2000 Club by Club
The dawning of a new millennium also sparked a new era for MLS as the 12 teams were split into three regional conferences for the first time. The new setup of the league, with four-team conferences named the East, West and Central, helped create more regional rivalries as teams played against in-conference foes with increased regularity.
Change was the overriding theme of the year, as the league also introduced a points system for playoff games. Each playoff win was rewarded with three points, a tie with one point and sudden death overtime periods were introduced to ignite excitement and intensity into each and every playoff game.
The new changes saw clubs previously not in the MLS Cup mix have great success in the postseason. The Dallas Burn, MetroStars and Kansas City Wizards all made deep runs into the playoffs as they thrived from the change in format.
The latter, Kansas City, went all the way to MLS Cup and defeated the Chicago Fire 1-0 in front of a crowd of 39,159 at RFK Stadium in Washington, D.C. Danish striker Miklos Molnar emerged as the Wizards hero, his 11th minute strike proving enough to overcome a stubborn Fire side as the Wizards, the Central Conference champions, lifted the MLS Cup for the first time in team history. Molnar ended his career on a high, retiring after scoring the winning goal for the Midwestern side.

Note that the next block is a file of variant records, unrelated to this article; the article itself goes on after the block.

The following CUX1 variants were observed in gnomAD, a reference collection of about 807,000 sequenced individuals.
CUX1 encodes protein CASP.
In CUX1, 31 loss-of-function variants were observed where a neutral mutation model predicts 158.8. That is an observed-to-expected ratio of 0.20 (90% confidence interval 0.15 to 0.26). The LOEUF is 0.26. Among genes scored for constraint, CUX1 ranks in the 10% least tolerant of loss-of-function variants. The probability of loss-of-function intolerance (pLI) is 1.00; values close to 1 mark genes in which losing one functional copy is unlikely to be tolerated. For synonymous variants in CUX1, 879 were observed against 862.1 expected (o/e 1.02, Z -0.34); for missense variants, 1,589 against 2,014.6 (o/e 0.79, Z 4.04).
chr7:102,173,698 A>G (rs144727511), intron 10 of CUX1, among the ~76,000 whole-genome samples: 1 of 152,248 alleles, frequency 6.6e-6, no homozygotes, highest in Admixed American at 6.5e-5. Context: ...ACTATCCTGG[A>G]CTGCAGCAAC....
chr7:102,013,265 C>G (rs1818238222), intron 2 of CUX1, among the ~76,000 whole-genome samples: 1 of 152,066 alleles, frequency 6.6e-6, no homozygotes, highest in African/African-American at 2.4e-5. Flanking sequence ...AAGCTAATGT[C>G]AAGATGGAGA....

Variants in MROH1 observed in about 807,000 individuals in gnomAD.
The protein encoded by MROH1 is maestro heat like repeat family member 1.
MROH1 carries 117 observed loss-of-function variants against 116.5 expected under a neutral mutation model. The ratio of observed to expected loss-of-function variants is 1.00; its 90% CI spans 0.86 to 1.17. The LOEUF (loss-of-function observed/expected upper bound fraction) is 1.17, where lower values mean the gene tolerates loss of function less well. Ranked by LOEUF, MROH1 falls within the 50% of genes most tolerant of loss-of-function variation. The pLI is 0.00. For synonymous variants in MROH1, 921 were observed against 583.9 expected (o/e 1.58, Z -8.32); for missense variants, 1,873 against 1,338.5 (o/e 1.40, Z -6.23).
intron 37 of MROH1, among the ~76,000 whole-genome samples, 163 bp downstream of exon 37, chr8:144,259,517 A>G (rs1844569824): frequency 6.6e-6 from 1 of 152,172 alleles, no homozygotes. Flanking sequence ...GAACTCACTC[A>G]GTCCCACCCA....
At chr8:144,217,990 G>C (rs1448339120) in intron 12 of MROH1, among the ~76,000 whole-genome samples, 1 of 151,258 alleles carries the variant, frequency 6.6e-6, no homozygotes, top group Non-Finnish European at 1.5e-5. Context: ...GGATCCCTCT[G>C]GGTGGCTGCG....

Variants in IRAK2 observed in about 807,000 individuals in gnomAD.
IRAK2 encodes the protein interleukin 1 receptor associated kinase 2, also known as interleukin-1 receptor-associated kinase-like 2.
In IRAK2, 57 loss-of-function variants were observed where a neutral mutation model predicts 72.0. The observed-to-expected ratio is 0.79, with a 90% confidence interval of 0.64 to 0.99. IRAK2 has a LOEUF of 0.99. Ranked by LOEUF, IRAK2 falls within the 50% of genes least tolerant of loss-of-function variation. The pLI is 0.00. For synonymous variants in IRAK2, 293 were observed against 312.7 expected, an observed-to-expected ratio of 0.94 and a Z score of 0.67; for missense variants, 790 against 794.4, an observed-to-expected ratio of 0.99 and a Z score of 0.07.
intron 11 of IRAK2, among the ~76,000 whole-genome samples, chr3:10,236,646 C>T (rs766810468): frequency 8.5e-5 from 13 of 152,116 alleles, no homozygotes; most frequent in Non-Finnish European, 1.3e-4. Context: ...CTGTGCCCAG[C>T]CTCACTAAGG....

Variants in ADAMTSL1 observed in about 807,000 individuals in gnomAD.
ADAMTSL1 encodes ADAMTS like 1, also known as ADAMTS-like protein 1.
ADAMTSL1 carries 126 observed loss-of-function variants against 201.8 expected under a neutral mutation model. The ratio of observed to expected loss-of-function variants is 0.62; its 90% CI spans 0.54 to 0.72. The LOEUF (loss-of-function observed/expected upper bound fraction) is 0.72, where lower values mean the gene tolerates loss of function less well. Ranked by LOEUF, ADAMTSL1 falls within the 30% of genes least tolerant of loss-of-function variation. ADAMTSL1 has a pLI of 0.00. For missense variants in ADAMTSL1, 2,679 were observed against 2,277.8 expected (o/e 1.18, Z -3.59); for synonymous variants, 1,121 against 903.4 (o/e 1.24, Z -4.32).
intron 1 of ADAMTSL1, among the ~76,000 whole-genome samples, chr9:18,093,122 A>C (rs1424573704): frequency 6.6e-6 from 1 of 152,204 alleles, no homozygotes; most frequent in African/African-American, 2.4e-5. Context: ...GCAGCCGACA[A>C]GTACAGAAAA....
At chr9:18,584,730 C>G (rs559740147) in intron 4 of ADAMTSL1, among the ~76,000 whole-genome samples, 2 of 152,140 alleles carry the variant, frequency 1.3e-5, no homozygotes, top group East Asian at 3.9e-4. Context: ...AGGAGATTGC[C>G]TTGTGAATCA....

The Wizards also took the Supporters’ Shield as they finished the year with 57 points, as did the Chicago Fire, but the Wizards’ goal differential was two goals better, thus winning the Shield by the slenderest of margins. Chicago must have been ruing the sight of Kansas City blue and white after losing both titles in agonizingly close circumstances.
The Los Angeles Galaxy were also triumphant on the year, winning the 2000 CONCACAF Champions League title, recording a 3-2 win over Honduran side Club Deportivo Olimpia in the final.
The Wizards’ Tony Meola won MLS Most Valuable Player, Goalkeeper of the Year and Comeback Player of the Year awards to mark an exceptional season as he stood on his head at times to concede just 29 goals. Kansas City‘s Peter Vermes was the Defender of the Year. Future US captain Carlos Bocanegra was named Rookie of the Year after his stellar performances for Chicago, under the most successful coach of the season, Bob Bradley. But arguably the biggest story of all was the emergence of Senegalese striker Mamadou Diallo of the Tampa Bay Mutiny, as he recorded 56 points, scoring a mammoth 26 goals in the process.
Most Valuable Player: Tony Meola – Kansas City Wizards
Goalkeeper of the Year: Tony Meola – Kansas City Wizards
Scoring Champion: Mamadou Diallo – Tampa Bay Mutiny, 56 points
Rookie of the Year: Carlos Bocanegra – Chicago Fire
Defender of the Year: Peter Vermes – Kansas City Wizards
Goal of the Year: Marcelo Balboa – Colorado Rapids at Columbus Crew – April 22, 2000
Coach of the Year: Bob Gansler – Kansas City Wizards